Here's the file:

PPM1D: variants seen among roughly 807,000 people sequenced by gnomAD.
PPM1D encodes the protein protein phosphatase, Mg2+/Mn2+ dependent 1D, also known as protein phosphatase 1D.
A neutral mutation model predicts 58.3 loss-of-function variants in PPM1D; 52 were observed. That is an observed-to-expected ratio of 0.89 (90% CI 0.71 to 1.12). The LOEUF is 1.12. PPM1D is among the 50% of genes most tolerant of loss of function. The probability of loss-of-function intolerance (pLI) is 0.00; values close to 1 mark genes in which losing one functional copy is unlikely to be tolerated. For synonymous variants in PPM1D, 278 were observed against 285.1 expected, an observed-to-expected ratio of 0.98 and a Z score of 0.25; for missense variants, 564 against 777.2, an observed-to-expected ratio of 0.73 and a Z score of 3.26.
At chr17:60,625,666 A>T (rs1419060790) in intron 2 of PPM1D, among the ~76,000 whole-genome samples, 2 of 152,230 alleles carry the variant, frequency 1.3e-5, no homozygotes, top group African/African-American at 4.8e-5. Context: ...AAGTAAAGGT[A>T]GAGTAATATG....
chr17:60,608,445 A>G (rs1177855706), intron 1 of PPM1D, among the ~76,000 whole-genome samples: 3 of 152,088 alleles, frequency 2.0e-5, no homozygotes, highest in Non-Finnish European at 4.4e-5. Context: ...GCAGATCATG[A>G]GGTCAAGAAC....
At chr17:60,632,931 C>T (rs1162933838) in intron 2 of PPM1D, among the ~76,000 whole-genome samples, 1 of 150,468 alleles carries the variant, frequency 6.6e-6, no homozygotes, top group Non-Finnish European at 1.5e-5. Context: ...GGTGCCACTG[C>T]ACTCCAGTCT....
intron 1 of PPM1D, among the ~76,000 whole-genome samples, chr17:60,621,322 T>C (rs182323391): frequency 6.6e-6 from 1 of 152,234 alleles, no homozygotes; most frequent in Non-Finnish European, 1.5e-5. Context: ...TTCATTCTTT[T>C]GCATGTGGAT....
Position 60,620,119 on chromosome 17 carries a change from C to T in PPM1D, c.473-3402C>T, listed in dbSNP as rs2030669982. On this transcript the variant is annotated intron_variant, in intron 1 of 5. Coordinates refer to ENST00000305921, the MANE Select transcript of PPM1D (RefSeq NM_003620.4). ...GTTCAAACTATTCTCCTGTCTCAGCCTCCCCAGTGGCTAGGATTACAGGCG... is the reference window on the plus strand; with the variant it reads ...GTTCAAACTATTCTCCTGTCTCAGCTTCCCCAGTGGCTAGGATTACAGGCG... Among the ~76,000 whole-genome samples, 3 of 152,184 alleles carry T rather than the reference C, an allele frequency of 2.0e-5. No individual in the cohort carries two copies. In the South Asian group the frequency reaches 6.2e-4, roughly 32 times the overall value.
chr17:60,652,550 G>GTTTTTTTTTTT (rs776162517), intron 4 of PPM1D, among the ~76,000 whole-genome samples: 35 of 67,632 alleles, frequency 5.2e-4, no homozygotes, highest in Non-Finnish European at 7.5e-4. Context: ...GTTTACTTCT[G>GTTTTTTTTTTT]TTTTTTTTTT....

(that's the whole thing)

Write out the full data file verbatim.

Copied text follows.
PPM1D: variants seen among roughly 807,000 people sequenced by gnomAD.
PPM1D encodes the protein protein phosphatase, Mg2+/Mn2+ dependent 1D, also known as protein phosphatase 1D.
A neutral mutation model predicts 58.3 loss-of-function variants in PPM1D; 52 were observed. That is an observed-to-expected ratio of 0.89 (90% CI 0.71 to 1.12). The LOEUF is 1.12. PPM1D is among the 50% of genes most tolerant of loss of function. The probability of loss-of-function intolerance (pLI) is 0.00; values close to 1 mark genes in which losing one functional copy is unlikely to be tolerated. For synonymous variants in PPM1D, 278 were observed against 285.1 expected, an observed-to-expected ratio of 0.98 and a Z score of 0.25; for missense variants, 564 against 777.2, an observed-to-expected ratio of 0.73 and a Z score of 3.26.
At chr17:60,625,666 A>T (rs1419060790) in intron 2 of PPM1D, among the ~76,000 whole-genome samples, 2 of 152,230 alleles carry the variant, frequency 1.3e-5, no homozygotes, top group African/African-American at 4.8e-5. Context: ...AAGTAAAGGT[A>T]GAGTAATATG....
chr17:60,608,445 A>G (rs1177855706), intron 1 of PPM1D, among the ~76,000 whole-genome samples: 3 of 152,088 alleles, frequency 2.0e-5, no homozygotes, highest in Non-Finnish European at 4.4e-5. Context: ...GCAGATCATG[A>G]GGTCAAGAAC....
At chr17:60,632,931 C>T (rs1162933838) in intron 2 of PPM1D, among the ~76,000 whole-genome samples, 1 of 150,468 alleles carries the variant, frequency 6.6e-6, no homozygotes, top group Non-Finnish European at 1.5e-5. Context: ...GGTGCCACTG[C>T]ACTCCAGTCT....
intron 1 of PPM1D, among the ~76,000 whole-genome samples, chr17:60,621,322 T>C (rs182323391): frequency 6.6e-6 from 1 of 152,234 alleles, no homozygotes; most frequent in Non-Finnish European, 1.5e-5. Context: ...TTCATTCTTT[T>C]GCATGTGGAT....
Position 60,620,119 on chromosome 17 carries a change from C to T in PPM1D, c.473-3402C>T, listed in dbSNP as rs2030669982. On this transcript the variant is annotated intron_variant, in intron 1 of 5. Coordinates refer to ENST00000305921, the MANE Select transcript of PPM1D (RefSeq NM_003620.4). ...GTTCAAACTATTCTCCTGTCTCAGCCTCCCCAGTGGCTAGGATTACAGGCG... is the reference window on the plus strand; with the variant it reads ...GTTCAAACTATTCTCCTGTCTCAGCTTCCCCAGTGGCTAGGATTACAGGCG... Among the ~76,000 whole-genome samples, 3 of 152,184 alleles carry T rather than the reference C, an allele frequency of 2.0e-5. No individual in the cohort carries two copies. In the South Asian group the frequency reaches 6.2e-4, roughly 32 times the overall value.
chr17:60,652,550 G>GTTTTTTTTTTT (rs776162517), intron 4 of PPM1D, among the ~76,000 whole-genome samples: 35 of 67,632 alleles, frequency 5.2e-4, no homozygotes, highest in Non-Finnish European at 7.5e-4. Context: ...GTTTACTTCT[G>GTTTTTTTTTTT]TTTTTTTTTT....